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Childcare changes threatened by underfunding, providers say

David Cameron during a visit to a nursery on 1 June 2015

Childcare providers in England say the system is at “breaking point” as plans to double free provision for three and four-year-olds in England are sped up.

The warning from one industry body, the Pre-School Learning Alliance, comes as ministers say trials of the new scheme are being brought forward to 2016.

The current allowance of 570 hours a year for three and four-year-olds will be doubled for working parents.

David Cameron said it would “take time” to get the policy right.

The Pre-School Learning Alliance – which represents 14,000 private, voluntary and independent groups – is warning of “meltdown” in the system because of a shortfall in government funding.

It says the grant for the existing 15 hours falls, on average, around 20% short of the true cost of providing care – £3.88 per hour compared with £4.53.

Employment Minister Priti Patel told the BBC the government accepted “funding rates need to increase” and is launching a consultation on how the policy will work in practice.

‘Crunch time’

Currently, all three and four-year-olds in England are entitled to 570 hours of free early education or childcare a year, which works out as 15 hours each week for 38 weeks of the year.

Child playing with a toy train

The Childcare Bill, announced in last week’s Queen’s Speech, would double this for working parents with a household income of less than £150,000 – although it is not clear yet how many hours they will have to work in order to qualify.

Ministers say up to 600,000 families could benefit, saving as much as £5,000 a year.

The change had been due to come into force from September 2017, but some working parents will be entitled to the extra help when pilots begin in September next year.

However, the alliance said many groups were already having to charge parents extra for hours of childcare not included in the scheme to make ends meet, and would struggle to deal with the changes.

“I think this is crunch time,” said chief executive Neil Leitch.

“While we of course welcome the drive to improve the availability of childcare in this country, these figures clearly show the government’s plan to extend funded childcare hours simply cannot work without a substantial increase in sector funding.

“The so-called ‘free’ childcare scheme is nothing of the sort. For years now, the initiative has been subsidised by providers and parents because of a lack of adequate government funding.”

David Cameron during a visit to a nursery on 1 June 2015

Fiona Weir, chief executive of single-parent charity Gingerbread, said 30 free hours of childcare a week was “really good news” for those who will get it.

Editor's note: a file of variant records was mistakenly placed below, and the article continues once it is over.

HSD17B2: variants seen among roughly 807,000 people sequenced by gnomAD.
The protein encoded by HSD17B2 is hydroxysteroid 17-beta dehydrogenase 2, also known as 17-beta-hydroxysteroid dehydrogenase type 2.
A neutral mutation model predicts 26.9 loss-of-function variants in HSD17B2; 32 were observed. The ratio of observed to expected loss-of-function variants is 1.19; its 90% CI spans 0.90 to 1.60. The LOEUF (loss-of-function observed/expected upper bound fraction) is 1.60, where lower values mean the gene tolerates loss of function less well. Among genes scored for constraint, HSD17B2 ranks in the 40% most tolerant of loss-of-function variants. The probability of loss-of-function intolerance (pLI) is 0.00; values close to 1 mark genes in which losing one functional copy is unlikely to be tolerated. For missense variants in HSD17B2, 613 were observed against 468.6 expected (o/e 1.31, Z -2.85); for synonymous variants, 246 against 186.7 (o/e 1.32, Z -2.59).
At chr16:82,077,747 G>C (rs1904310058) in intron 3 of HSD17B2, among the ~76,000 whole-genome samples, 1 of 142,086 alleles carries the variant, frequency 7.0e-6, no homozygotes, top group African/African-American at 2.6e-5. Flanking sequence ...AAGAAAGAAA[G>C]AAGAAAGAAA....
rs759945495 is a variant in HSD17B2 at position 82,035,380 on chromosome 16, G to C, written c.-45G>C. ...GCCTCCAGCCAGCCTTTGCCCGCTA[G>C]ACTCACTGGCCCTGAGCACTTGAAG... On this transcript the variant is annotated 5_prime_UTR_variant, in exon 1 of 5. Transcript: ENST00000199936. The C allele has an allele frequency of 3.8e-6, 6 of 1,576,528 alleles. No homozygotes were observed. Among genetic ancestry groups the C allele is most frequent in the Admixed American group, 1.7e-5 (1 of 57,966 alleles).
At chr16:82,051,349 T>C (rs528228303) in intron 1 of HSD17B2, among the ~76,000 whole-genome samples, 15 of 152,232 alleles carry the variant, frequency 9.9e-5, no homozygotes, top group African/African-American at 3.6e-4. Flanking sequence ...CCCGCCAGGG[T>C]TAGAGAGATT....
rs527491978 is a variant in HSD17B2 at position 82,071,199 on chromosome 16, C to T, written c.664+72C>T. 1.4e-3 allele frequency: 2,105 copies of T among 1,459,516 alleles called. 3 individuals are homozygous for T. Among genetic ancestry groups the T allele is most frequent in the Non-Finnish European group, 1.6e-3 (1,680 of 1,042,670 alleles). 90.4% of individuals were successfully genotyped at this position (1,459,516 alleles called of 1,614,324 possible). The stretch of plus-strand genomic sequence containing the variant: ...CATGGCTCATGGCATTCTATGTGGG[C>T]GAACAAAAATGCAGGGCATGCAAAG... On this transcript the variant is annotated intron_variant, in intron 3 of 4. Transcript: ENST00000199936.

“The cost of childcare is one of the biggest barriers the UK’s two million single parents face to finding and staying in work. As the primary carers for their children, they can’t do the kind of ‘shift parenting’ couple parents often do.

“However, we look forward to seeing more detail on how parents will qualify for this extra support, and the way in which the extra hours will work.”

Following the announcement, the prime minister visited Buttercups Nursery in Teddington, south-west London.

Kate Thomas, 49, whose three-year-old daughter attends the nursery, said it was worrying that any shortfall in funding for the extra hours might be passed on to parents.

“Most mothers I know don’t work full time and if they are lucky they will have a job that covers their childcare and have a bit extra,” she said.

“But if that bit extra then ends up being what funds the extra cost of the nursery, what is the point of working?”

‘Funding critical’

The National Day Nurseries Association welcomed the doubling of provision, but also said its members were “struggling with current levels of investment”.

“Funding is critical and it’s vital that the increase pledged by the government is meaningful,” chief executive Purnima Tanuku said.

Jill Rutter, from the Family and Childcare Trust, which campaigns for quality childcare that is affordable and accessible, said there was “no proper funding formula”.

“The money local authorities get from government to pass on to providers is very varied,” she said.

Child playing with magnetic letters

How do nurseries make up the shortfall?

The short answer is – from parents.

But as extra hourly fees are not legal, nurseries have worked out canny ways to get round this.

The most common technique is requiring parents to take more than the total number of free hours and charging a set fee for the extra time.

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